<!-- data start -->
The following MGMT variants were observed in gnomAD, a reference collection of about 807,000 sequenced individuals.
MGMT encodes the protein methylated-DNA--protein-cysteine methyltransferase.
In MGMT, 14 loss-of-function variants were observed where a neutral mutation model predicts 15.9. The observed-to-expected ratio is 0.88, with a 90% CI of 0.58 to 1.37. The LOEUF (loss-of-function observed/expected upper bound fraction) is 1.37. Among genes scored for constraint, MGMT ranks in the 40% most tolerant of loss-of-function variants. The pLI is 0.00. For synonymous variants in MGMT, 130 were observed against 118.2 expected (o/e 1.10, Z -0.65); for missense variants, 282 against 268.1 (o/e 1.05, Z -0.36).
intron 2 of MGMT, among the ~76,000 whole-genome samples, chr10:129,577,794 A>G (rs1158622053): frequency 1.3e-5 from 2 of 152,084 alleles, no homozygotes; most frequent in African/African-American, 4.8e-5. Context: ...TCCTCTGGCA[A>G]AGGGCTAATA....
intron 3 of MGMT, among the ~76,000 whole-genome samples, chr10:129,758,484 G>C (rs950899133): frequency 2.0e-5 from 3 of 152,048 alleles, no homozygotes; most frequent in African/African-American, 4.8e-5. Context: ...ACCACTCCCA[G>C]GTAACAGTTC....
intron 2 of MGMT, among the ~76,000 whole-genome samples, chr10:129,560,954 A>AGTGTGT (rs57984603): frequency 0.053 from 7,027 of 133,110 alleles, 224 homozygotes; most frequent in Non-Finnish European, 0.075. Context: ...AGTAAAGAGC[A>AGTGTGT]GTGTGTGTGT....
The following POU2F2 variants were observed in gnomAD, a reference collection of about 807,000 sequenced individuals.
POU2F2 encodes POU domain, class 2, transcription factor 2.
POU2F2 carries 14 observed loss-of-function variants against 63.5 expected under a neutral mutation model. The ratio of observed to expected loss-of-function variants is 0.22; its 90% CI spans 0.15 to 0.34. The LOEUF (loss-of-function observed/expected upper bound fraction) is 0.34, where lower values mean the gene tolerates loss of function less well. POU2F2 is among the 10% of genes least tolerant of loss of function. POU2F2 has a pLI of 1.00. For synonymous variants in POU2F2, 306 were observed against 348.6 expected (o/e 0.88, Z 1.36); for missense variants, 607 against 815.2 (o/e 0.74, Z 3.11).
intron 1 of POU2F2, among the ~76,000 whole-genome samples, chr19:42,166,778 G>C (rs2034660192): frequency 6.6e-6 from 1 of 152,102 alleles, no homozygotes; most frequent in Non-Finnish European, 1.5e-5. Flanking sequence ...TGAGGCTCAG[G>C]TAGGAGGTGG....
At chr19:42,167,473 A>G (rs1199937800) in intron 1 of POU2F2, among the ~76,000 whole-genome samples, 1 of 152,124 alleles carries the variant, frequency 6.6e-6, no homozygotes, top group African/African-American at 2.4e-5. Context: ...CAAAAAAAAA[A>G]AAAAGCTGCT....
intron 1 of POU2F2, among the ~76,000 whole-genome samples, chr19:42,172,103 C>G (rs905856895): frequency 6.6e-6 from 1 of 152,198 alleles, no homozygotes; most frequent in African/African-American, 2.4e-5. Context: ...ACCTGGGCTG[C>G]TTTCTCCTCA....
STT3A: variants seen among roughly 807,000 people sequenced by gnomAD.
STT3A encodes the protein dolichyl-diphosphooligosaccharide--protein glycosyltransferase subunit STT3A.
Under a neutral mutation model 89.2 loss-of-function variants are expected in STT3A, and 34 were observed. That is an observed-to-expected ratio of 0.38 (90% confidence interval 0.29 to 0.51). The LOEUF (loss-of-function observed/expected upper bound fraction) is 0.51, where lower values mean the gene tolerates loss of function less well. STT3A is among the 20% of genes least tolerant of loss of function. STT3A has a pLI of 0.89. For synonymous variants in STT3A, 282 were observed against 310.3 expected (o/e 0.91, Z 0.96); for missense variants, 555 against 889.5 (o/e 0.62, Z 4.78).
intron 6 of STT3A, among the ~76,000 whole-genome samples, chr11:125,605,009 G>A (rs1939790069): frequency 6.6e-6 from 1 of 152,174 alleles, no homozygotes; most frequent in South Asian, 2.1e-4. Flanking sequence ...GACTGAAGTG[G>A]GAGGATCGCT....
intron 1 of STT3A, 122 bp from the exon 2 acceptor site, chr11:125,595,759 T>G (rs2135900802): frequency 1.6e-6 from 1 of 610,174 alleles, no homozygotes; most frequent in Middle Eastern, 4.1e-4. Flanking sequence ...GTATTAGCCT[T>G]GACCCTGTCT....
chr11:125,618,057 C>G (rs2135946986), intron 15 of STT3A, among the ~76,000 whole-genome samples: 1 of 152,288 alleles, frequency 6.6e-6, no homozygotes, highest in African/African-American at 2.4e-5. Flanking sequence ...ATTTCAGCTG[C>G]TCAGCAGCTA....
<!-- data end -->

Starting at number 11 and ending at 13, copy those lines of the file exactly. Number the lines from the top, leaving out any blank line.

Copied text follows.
At chr19:42,167,473 A>G (rs1199937800) in intron 1 of POU2F2, among the ~76,000 whole-genome samples, 1 of 152,124 alleles carries the variant, frequency 6.6e-6, no homozygotes, top group African/African-American at 2.4e-5. Context: ...CAAAAAAAAA[A>G]AAAAGCTGCT....
intron 1 of POU2F2, among the ~76,000 whole-genome samples, chr19:42,172,103 C>G (rs905856895): frequency 6.6e-6 from 1 of 152,198 alleles, no homozygotes; most frequent in African/African-American, 2.4e-5. Context: ...ACCTGGGCTG[C>G]TTTCTCCTCA....
STT3A: variants seen among roughly 807,000 people sequenced by gnomAD.